Stadium/Ground City Host club(s) Capacity
Blacktown International Sportspark Sydney, New South Wales Greater Western Sydney 10,000
Casey Fields Melbourne, Victoria Melbourne 12,000
Drummoyne Oval Sydney, New South Wales Greater Western Sydney 5,000
Fremantle Oval Perth, Western Australia Fremantle 17,500
Ikon Park Melbourne, Victoria Carlton 24,568
Moreton Bay Central Sports Complex Brisbane, Queensland Brisbane 8,000
Norwood Oval Adelaide, South Australia Adelaide 22,000
Olympic Park Oval Melbourne, Victoria Collingwood 3,000
Optus Stadium Perth, Western Australia Fremantle 60,000
South Pine Sports Complex Brisbane, Queensland Brisbane 3,000
Ted Summerton Reserve Moe, Victoria Collingwood 7,500
TIO Stadium Darwin, Northern Territory Adelaide 12,000
TIO Traeger Park Alice Springs, Northern Territory Melbourne 10,000
UNSW Canberra Oval Canberra, Australian Capital Territory Greater Western Sydney 16,000
VU Whitten Oval Melbourne, Victoria Western Bulldogs 12,000

Players

Melbourne's Elise O'Dea evades Hannah Scott of the Western Bulldogs in round 3, 2017

The club's playing lists were constructed from scratch through the later stages of 2016. All participants in the 2017 season are required to be over the age of 17.

Initially, clubs were asked to nominate a list of desired players, with the AFL assigning two of these "marquee" players to each club. In addition, clubs were able to sign a number of players with existing connections to the club, or with arrangements for club sponsored work or study.[31][32][33] This number varied for each club, in an attempt to equitably spread talent across the teams. In addition, clubs were required to recruit two "rookies" - people with no Australian rules football experience in the previous three-year period. The majority of players were later recruited through the 2016 AFL Women's draft.[34] The balance of list spots was filled with free-agent signings in the week following the draft. In total clubs have a 27 active listed players in addition to injury replacements signed to take the spot of long-term injury affected players.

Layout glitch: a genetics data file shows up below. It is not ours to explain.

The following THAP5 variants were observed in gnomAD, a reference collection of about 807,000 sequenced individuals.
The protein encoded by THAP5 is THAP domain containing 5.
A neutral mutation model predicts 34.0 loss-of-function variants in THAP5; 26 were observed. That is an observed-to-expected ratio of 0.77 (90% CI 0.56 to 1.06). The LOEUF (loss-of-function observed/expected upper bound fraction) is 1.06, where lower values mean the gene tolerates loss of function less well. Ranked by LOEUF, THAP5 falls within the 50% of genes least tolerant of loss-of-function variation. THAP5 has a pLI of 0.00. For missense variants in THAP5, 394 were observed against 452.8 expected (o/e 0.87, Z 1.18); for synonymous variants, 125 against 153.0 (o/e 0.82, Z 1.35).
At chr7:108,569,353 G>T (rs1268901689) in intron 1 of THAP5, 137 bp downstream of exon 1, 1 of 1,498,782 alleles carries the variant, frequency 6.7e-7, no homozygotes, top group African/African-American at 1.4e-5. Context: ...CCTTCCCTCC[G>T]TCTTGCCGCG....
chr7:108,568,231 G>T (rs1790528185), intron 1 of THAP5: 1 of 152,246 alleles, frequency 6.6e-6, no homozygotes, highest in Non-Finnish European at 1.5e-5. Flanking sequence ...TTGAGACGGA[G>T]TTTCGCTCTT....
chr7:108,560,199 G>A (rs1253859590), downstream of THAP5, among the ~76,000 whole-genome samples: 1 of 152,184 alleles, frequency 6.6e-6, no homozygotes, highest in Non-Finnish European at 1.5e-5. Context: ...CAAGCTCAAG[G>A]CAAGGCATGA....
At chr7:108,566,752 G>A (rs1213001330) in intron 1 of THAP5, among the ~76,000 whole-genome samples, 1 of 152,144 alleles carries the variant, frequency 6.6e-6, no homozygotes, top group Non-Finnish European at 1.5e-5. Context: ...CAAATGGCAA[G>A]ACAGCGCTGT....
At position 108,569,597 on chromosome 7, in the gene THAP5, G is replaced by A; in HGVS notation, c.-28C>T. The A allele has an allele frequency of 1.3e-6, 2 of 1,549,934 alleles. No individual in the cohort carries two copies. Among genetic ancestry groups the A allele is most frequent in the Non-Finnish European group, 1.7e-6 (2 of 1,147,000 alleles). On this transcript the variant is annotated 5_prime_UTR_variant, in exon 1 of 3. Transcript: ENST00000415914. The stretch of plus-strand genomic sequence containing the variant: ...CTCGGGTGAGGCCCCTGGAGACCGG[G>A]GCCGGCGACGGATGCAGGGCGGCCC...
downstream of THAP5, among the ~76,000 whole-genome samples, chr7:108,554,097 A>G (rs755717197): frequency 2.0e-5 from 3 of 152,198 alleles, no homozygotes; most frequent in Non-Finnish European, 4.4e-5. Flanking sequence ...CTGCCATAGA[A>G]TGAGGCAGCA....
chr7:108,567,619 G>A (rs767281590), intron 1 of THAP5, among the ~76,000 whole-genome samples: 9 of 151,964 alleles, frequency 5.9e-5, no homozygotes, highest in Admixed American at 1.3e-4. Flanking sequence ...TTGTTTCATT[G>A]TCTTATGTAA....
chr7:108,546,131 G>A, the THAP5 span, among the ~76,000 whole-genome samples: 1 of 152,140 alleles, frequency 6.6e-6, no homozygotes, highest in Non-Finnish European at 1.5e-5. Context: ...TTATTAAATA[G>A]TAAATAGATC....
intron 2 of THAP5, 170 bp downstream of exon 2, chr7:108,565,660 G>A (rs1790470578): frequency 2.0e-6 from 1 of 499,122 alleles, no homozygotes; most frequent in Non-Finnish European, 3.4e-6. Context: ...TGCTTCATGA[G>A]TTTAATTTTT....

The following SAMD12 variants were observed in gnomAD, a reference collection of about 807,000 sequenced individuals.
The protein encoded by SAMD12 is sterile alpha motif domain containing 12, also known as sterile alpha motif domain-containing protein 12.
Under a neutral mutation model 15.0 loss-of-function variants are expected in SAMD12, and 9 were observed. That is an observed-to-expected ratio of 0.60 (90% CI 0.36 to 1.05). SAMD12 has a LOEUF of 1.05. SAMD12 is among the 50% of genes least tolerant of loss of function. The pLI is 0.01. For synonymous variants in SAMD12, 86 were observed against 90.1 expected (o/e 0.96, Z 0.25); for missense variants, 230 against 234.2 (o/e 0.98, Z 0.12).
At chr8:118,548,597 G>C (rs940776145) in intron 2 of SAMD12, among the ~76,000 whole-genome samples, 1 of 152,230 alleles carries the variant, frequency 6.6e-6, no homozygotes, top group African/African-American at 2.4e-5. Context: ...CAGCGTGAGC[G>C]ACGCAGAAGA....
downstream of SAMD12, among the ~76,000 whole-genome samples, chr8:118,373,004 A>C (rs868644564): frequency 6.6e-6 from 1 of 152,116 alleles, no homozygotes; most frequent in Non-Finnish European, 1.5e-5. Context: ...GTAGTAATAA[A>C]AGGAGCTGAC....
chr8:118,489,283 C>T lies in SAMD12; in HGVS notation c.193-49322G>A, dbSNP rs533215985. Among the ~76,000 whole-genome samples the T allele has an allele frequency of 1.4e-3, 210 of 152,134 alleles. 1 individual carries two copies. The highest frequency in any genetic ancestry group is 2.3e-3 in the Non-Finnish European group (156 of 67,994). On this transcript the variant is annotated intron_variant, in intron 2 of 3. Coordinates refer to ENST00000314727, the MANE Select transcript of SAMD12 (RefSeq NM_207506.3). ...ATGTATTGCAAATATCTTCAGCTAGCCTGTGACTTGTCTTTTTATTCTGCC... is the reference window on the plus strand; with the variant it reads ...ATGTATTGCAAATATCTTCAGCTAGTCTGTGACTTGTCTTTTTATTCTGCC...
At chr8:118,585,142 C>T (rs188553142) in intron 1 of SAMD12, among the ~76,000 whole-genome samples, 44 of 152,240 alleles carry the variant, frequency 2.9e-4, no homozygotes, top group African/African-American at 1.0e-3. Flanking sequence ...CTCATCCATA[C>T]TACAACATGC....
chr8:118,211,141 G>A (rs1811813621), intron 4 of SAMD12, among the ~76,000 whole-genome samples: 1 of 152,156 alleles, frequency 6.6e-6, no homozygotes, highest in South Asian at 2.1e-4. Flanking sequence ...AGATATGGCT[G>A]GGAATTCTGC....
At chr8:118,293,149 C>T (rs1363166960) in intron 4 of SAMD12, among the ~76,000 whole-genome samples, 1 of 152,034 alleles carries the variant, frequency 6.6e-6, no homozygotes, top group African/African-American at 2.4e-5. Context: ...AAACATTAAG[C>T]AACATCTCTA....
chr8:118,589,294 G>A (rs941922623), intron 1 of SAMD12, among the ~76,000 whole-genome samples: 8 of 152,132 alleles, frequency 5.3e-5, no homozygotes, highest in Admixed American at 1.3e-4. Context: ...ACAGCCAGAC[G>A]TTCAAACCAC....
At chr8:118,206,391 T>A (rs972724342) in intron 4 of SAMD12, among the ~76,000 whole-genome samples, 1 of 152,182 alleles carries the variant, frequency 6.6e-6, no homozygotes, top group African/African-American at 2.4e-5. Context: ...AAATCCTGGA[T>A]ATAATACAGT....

Salary

2017

In 2017 the players salary was managed and paid in full by the AFL on behalf of the clubs. A pay deal struck between the league and the AFLPA in November 2016 set the season payment structure as follows:[35]

Marquee players Priority players Other players
2017 $27,000 $12,000 $8,500

Players were contracted for nine hours of training and meetings at their clubs per week and the base payments were calculated pro-rata based on the hourly rate of rookie AFL players of $29.32.[36] In addition, players are provided with playing boots and runners, an interstate travel allowance, income insurance, out-of-pocket medical expense coverage and an allowance to pay for a carer for a child under 12 months of age when travelling interstate.[35][37]

Total payments in 2017 totalled $2.275 million[35]

The league was initially criticised for its offer of players salaries. Under the first offer, the base salary would be $5,000 for most players, and $10,000 for marquee players. While the pay was extremely low in comparison to AFL players, it also did not cover equipment, travel expenses, or relocation to their club if interstate for the pre-season and duration of the season. The AFL defended its offer by noting that the league (at the time) had no sponsorship or TV rights deals.[38][39]

2018